Association refers to the relationships that we expect between objects in a scene. For example, in an image over a barnyard you might expect a barn, a silo, and even fences. Also, the placement of a farm is typically in rather rural areas. You would not expect a dairy farm in downtown Los Angeles. Figure 7.12 shows an instance where association can be used to identify a city park.
Site refers to topographic or geographic location. The context around the feature under investigation can help with its identification. For example, a large sunken hole in Florida can be easily identified as a sink hole due to limestone dissolution. Similar shapes in the desserts of Arizona however are more likely to be impact craters resulting from meteorites.
7.2.2 Spectral Response Patterns
You have now seen the possibility of visually interpreting an image. Next you will learn more about how to use the reflectance values that sensors gather to further analyze images. The various objects that make up the surface absorb and reflect different amounts of energy at different wavelengths. The magnitude of energy that an object reflects or emits across a range of wavelengths is called its spectral response pattern.
The following graph illustrates the spectral response pattern of coniferous and deciduous trees. The chlorophyll in green vegetation absorbs visible energy (particularly in the blue and red wavelengths) for use during photosynthesis. About half of the incoming near-infrared radiation is reflected (a characteristic of healthy, hydrated vegetation). We can identify several key points in the spectral response curve that can be used to evaluate the vegetation.
Notice that the reflectance patterns within the visual band are nearly identical. At longer, near- and mid-infrared wavelengths, however, the two types are much easier to differentiate. As you'll see later, land use and land cover mapping were previously accomplished by visual inspection of photographic imagery. Multispectral data and digital image processing make it possible to partially automate land cover mapping, which in turn makes it cost effective to identify some land use and land cover categories automatically, all of which makes it possible to map larger land areas more frequently.
Spectral response patterns are sometimes called spectral signatures. This term is misleading, however, because the reflectance of an entity varies with its condition, the time of year, and even the time of day. Instead of thin lines, the spectral responses of water, soil, grass, and trees might better be depicted as wide swaths to account for these variations.
220.127.116.11 Spectral Indices
One advantage of multispectral data is the ability to derive new data by calculating differences, ratios, or other quantities from reflectance values in two or more wavelength bands. For instance, detecting stressed vegetation amongst healthy vegetation may be difficult in any one band, particularly if differences in terrain elevation or slope cause some parts of a scene to be illuminated differently than others. However, using the ratio of reflectance values in the visible red band and the near-infrared band compensates for variations in scene illumination. Since the ratio of the two reflectance values is considerably lower for stressed vegetation regardless of illumination conditions, detection is easier and more reliable.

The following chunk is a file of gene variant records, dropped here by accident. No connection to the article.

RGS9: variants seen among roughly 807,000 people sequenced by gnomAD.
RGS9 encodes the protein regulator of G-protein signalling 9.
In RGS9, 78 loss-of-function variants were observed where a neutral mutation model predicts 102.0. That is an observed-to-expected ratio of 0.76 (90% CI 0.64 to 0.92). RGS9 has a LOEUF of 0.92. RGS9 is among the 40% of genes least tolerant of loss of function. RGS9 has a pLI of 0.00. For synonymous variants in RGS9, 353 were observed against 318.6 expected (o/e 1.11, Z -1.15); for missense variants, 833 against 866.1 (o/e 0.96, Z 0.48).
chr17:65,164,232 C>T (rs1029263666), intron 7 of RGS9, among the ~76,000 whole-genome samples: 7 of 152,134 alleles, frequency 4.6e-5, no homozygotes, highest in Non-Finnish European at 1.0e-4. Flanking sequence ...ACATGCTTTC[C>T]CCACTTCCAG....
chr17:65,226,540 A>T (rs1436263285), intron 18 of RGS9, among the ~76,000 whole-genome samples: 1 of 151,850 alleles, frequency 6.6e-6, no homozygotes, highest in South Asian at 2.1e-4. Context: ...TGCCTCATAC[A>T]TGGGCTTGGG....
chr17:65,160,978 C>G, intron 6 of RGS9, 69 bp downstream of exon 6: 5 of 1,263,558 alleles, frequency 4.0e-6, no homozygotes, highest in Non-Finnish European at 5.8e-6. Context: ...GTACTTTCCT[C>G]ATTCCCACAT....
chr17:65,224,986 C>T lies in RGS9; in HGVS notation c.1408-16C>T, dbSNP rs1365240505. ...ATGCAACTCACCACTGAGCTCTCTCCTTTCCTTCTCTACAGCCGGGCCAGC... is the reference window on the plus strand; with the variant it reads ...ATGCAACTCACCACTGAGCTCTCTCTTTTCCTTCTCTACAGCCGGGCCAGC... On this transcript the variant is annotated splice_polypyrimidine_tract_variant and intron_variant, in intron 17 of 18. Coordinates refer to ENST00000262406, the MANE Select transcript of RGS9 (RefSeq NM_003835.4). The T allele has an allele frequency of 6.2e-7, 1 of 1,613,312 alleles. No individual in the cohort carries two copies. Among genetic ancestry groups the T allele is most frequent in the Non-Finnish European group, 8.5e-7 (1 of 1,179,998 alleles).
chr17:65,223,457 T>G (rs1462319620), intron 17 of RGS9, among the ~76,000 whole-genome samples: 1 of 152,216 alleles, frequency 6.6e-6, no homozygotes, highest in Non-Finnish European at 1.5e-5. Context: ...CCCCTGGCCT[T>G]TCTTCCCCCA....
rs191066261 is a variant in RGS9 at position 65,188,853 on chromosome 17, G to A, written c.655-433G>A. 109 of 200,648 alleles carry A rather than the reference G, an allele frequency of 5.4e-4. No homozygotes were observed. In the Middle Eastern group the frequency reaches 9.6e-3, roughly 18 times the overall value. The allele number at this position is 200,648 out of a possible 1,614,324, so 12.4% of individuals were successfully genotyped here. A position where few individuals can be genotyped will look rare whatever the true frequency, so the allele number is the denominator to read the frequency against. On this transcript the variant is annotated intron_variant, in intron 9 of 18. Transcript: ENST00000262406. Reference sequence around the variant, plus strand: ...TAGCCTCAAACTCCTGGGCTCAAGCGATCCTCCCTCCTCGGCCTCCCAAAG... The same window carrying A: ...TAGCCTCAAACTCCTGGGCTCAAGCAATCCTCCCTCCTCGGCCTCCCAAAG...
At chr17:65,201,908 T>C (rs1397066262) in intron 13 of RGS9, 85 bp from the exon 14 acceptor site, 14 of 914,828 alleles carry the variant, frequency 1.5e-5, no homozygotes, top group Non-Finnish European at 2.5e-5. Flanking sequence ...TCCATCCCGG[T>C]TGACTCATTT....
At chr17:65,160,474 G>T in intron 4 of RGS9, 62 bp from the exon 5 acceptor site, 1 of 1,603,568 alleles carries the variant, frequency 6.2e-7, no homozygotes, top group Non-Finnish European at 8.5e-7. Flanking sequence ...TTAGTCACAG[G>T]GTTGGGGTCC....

18.104.22.168 Normalized Vegetation Index
Besides simple ratios, remote sensing scientists have derived other mathematical formulae for deriving useful new data from multispectral imagery. One of the most widely used examples is the Normalized Difference Vegetation Index (NDVI). NDVI can be calculated for any sensor that contains both a red and infrared band; NDVI scores are calculated pixel-by-pixel using the following algorithm:
NDVI = (NIR - R) / (NIR + R)
R stands for the visible red band, while NIR represents the near-infrared band. The chlorophyll in green plants strongly absorbs radiation within visible red band during photosynthesis. In contrast, leaf structures cause plants to strongly reflect radiation in the near-infrared band. NDVI scores range from -1.0 to 1.0. A pixel associated with low reflectance values in the visible band and high reflectance in the near-infrared band would produce an NDVI score near 1.0, indicating the presence of healthy vegetation. Conversely, the NDVI scores of pixels associated with high reflectance in the visible band and low reflectance in the near-infrared band approach -1.0, indicating clouds, snow, or water. NDVI scores near 0 indicate rock and non-vegetated soil.
The NDVI provides useful information relevant to questions and decisions at geographical scales ranging from local to global. At the local scale, the Mondavi Vineyards in Napa Valley California can attest to the utility of NDVI data in monitoring plant health. In 1993, the vineyards suffered an infestation of phylloxera, a species of plant louse that attacks roots and is impervious to pesticides. The pest could only be overcome by removing infested vines and replacing them with more resistant root stock. The vineyard commissioned a consulting firm to acquire high-resolution (2-3 meter) visible and near-infrared imagery during consecutive growing seasons using an airborne sensor. Once the data from the two seasons were georegistered, comparison of NDVI scores revealed areas in which vine canopy density had declined. NDVI change detection proved to be such a fruitful approach that the vineyards adopted it for routine use as part of their overall precision farming strategy (Colucci, 1998).